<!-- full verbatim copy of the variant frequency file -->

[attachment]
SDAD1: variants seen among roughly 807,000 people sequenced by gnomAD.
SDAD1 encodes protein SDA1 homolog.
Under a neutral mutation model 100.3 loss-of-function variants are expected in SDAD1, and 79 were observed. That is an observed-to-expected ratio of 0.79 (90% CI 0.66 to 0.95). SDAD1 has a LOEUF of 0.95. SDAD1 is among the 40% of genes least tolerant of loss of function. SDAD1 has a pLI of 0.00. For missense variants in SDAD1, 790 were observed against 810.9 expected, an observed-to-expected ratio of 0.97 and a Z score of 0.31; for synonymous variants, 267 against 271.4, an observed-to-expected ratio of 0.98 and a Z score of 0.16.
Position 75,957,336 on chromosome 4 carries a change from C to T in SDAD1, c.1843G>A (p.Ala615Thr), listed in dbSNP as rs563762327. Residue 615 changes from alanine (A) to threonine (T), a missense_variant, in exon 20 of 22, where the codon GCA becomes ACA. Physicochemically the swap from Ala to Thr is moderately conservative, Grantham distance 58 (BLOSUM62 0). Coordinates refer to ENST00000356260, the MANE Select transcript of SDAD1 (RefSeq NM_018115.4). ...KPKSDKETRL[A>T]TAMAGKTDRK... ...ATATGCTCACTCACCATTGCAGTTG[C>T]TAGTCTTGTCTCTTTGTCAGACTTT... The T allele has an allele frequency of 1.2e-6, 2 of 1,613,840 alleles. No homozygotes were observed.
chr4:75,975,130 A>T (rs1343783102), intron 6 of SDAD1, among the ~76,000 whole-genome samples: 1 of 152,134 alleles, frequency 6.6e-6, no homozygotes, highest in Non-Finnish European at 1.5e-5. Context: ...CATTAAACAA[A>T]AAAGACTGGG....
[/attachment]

SDAD1: variants seen among roughly 807,000 people sequenced by gnomAD.
SDAD1 encodes protein SDA1 homolog.
Under a neutral mutation model 100.3 loss-of-function variants are expected in SDAD1, and 79 were observed. That is an observed-to-expected ratio of 0.79 (90% CI 0.66 to 0.95). SDAD1 has a LOEUF of 0.95. SDAD1 is among the 40% of genes least tolerant of loss of function. SDAD1 has a pLI of 0.00. For missense variants in SDAD1, 790 were observed against 810.9 expected, an observed-to-expected ratio of 0.97 and a Z score of 0.31; for synonymous variants, 267 against 271.4, an observed-to-expected ratio of 0.98 and a Z score of 0.16.
Position 75,957,336 on chromosome 4 carries a change from C to T in SDAD1, c.1843G>A (p.Ala615Thr), listed in dbSNP as rs563762327. Residue 615 changes from alanine (A) to threonine (T), a missense_variant, in exon 20 of 22, where the codon GCA becomes ACA. Physicochemically the swap from Ala to Thr is moderately conservative, Grantham distance 58 (BLOSUM62 0). Coordinates refer to ENST00000356260, the MANE Select transcript of SDAD1 (RefSeq NM_018115.4). ...KPKSDKETRL[A>T]TAMAGKTDRK... ...ATATGCTCACTCACCATTGCAGTTG[C>T]TAGTCTTGTCTCTTTGTCAGACTTT... The T allele has an allele frequency of 1.2e-6, 2 of 1,613,840 alleles. No homozygotes were observed.
chr4:75,975,130 A>T (rs1343783102), intron 6 of SDAD1, among the ~76,000 whole-genome samples: 1 of 152,134 alleles, frequency 6.6e-6, no homozygotes, highest in Non-Finnish European at 1.5e-5. Context: ...CATTAAACAA[A>T]AAAGACTGGG....